Today we are cross-posting a blog by Daniel Jensen of Mercy Corps’ Global Envision, focusing on our partnership with Mercy Corps and USAID. Here it is:
In Para, Brazil, farmers are turning a profit and the government is on track to slow deforestation thanks to local nonprofit Imazon, which got them to work together.
By 2003, Brazil was on the verge of an environmental catastrophe. As its economy expanded, cattle ranchers needed more land to graze their livestock, and few laws prevented them from burning down thousands of square kilometers of untitled land in the Amazon, causing vast environmental damage. In the worst regions, like Para, widespread poverty meant that stopping deforestation was at the bottom of the government’s list, despite massive efforts by groups like Greenpeace and Imazon.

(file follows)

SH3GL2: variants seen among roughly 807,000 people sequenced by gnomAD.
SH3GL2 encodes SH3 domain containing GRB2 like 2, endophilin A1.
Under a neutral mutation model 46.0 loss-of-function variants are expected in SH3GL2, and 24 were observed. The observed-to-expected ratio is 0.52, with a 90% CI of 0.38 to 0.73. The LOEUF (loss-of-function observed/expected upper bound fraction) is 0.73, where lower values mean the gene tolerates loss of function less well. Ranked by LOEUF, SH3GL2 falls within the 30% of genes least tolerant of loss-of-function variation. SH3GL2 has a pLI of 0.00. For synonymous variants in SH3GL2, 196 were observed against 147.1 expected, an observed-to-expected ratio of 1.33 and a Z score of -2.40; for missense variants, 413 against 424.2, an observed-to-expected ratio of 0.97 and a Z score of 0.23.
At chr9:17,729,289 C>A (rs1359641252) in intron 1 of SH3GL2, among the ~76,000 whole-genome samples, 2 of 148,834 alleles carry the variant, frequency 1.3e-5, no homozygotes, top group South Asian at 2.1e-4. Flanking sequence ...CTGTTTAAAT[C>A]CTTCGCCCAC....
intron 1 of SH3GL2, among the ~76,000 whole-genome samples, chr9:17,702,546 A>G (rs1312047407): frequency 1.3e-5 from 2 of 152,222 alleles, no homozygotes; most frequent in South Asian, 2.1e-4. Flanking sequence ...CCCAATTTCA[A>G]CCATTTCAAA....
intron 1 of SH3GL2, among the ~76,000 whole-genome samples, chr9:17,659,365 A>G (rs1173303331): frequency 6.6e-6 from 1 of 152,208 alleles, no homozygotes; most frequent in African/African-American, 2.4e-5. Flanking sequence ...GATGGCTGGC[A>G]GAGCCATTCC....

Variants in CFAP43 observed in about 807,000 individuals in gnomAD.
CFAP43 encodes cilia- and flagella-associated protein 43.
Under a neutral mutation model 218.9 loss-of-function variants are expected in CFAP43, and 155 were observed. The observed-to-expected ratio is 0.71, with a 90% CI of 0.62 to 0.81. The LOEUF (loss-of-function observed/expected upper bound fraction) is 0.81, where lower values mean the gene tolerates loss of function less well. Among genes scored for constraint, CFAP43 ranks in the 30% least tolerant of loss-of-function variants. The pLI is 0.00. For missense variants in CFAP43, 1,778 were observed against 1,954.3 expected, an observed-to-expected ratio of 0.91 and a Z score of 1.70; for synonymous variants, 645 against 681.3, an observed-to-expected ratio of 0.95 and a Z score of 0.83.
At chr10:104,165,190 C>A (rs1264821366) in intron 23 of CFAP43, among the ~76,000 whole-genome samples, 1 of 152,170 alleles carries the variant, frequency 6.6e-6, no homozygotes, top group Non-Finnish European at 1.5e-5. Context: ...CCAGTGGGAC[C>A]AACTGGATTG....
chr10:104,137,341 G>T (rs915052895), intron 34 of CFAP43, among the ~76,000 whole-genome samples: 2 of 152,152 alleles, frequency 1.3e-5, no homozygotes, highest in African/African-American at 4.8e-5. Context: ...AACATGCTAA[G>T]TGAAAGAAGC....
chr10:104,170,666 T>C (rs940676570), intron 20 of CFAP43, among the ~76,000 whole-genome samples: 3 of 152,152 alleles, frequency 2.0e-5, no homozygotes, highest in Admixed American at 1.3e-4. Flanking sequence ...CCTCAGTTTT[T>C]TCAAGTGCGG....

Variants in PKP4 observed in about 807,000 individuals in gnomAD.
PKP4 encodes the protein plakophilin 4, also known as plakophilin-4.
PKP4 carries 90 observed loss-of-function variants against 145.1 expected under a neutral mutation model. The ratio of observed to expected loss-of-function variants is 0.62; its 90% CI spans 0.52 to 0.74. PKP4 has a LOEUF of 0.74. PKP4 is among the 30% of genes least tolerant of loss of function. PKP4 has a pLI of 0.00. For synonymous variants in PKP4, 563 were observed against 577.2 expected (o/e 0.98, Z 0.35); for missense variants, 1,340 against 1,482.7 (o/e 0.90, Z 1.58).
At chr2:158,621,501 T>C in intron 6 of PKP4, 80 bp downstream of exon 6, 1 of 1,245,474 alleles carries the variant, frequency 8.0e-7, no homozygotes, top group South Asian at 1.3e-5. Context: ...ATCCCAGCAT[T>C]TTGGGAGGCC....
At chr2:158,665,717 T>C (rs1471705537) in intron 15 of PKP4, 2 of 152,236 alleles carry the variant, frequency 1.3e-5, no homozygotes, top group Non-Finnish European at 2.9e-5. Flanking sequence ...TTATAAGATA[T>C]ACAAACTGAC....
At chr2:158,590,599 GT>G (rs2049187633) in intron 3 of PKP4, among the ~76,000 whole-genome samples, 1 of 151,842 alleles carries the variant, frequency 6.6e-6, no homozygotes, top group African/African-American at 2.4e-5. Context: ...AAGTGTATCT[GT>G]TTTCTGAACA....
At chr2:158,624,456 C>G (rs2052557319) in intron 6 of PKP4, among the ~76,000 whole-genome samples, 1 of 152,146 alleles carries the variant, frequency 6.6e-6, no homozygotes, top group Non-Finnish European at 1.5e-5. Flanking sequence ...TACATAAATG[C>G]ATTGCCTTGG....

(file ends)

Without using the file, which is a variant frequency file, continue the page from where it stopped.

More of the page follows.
A wave of environmental laws passed by the federal government from 2004 to 2008 seemed to complicate things for local governments and economies, even as deforestation rates fell. Many municipal governments couldn’t fully meet government targets under the new regulations but faced economic sanctions if they didn’t. A beef embargo prevented farmers from selling their meat to mainstream supermarket chains like Carrefour and Walmart if their municipality ended up on a blacklist for failing to reduce illegal deforestation to government-mandated levels. The government confiscated herds and sawmills from the law’s offenders. When Paragominas, a municipality in Para where Imazon worked, was placed on the list, 2,300 jobs and all the municipality’s federal agricultural credits disappeared within a year. read more